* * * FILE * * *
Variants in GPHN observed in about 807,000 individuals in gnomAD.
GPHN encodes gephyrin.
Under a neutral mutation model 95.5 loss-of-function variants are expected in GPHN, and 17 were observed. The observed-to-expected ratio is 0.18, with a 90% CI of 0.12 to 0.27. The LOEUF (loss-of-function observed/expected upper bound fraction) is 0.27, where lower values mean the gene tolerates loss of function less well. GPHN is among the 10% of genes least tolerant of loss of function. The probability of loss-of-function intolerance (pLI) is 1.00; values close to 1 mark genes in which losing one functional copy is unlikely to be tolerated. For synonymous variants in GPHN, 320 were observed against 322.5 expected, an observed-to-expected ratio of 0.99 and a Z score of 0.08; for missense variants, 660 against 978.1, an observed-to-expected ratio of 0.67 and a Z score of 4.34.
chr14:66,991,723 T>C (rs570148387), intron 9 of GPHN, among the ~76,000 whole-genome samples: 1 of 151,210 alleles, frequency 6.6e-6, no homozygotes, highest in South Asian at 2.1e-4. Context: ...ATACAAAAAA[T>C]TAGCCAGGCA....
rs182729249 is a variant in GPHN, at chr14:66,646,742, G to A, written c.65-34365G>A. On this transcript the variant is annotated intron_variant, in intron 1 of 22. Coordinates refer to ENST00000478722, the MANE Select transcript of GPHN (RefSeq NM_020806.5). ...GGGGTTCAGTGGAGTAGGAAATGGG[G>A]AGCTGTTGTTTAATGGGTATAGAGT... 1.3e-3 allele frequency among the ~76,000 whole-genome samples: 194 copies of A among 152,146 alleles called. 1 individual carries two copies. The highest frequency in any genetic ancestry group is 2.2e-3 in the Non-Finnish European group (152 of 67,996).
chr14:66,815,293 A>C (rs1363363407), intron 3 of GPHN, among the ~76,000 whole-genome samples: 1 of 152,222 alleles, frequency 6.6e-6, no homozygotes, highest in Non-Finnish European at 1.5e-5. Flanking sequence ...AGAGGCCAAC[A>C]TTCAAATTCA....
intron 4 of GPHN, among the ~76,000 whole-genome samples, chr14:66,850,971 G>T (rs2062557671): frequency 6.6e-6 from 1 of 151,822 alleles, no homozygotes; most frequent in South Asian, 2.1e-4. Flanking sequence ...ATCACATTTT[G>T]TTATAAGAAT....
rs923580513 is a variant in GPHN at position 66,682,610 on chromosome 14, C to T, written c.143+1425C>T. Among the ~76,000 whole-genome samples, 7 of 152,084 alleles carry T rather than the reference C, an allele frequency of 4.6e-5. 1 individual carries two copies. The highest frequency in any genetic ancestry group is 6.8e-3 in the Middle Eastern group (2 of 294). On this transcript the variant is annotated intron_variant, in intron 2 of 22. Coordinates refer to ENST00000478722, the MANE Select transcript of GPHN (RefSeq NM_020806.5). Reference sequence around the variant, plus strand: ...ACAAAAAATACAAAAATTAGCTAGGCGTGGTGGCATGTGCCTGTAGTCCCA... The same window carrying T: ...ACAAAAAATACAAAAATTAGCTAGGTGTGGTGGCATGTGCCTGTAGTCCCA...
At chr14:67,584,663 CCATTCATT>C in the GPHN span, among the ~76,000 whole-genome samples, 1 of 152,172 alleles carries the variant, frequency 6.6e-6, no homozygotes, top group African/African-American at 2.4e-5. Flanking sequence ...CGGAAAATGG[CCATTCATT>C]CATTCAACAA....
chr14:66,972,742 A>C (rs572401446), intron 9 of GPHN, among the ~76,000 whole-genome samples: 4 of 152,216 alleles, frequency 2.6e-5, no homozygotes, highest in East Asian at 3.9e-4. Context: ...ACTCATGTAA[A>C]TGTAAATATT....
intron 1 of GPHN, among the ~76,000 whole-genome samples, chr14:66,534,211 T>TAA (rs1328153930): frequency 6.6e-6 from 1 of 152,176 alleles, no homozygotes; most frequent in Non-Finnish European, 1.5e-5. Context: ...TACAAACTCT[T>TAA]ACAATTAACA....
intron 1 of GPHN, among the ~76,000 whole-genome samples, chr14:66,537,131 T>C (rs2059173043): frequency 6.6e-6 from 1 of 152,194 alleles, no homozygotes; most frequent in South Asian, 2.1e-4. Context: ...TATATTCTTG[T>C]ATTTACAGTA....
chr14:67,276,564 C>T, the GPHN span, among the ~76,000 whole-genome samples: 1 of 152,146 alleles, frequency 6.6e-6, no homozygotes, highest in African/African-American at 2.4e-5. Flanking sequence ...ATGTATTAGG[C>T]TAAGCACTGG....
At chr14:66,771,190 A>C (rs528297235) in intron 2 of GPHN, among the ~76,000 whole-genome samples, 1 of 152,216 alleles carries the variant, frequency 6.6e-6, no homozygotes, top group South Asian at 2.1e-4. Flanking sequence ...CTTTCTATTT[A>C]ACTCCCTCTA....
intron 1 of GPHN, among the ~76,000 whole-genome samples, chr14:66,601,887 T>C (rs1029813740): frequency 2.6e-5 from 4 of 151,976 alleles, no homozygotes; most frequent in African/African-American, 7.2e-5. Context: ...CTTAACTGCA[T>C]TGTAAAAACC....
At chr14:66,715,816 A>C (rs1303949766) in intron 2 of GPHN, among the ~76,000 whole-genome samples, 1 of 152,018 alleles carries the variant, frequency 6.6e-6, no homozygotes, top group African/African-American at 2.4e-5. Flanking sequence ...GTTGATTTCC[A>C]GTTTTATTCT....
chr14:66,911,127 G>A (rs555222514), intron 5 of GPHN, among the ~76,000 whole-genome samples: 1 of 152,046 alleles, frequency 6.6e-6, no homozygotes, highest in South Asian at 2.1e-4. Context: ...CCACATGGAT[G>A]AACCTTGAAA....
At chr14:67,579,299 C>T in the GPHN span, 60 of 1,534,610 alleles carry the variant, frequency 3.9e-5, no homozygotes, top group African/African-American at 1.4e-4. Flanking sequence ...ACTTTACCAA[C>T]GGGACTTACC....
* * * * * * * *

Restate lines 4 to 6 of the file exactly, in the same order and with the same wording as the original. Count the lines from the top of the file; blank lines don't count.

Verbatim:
chr14:66,991,723 T>C (rs570148387), intron 9 of GPHN, among the ~76,000 whole-genome samples: 1 of 151,210 alleles, frequency 6.6e-6, no homozygotes, highest in South Asian at 2.1e-4. Context: ...ATACAAAAAA[T>C]TAGCCAGGCA....
rs182729249 is a variant in GPHN, at chr14:66,646,742, G to A, written c.65-34365G>A. On this transcript the variant is annotated intron_variant, in intron 1 of 22. Coordinates refer to ENST00000478722, the MANE Select transcript of GPHN (RefSeq NM_020806.5). ...GGGGTTCAGTGGAGTAGGAAATGGG[G>A]AGCTGTTGTTTAATGGGTATAGAGT... 1.3e-3 allele frequency among the ~76,000 whole-genome samples: 194 copies of A among 152,146 alleles called. 1 individual carries two copies. The highest frequency in any genetic ancestry group is 2.2e-3 in the Non-Finnish European group (152 of 67,996).
chr14:66,815,293 A>C (rs1363363407), intron 3 of GPHN, among the ~76,000 whole-genome samples: 1 of 152,222 alleles, frequency 6.6e-6, no homozygotes, highest in Non-Finnish European at 1.5e-5. Flanking sequence ...AGAGGCCAAC[A>C]TTCAAATTCA....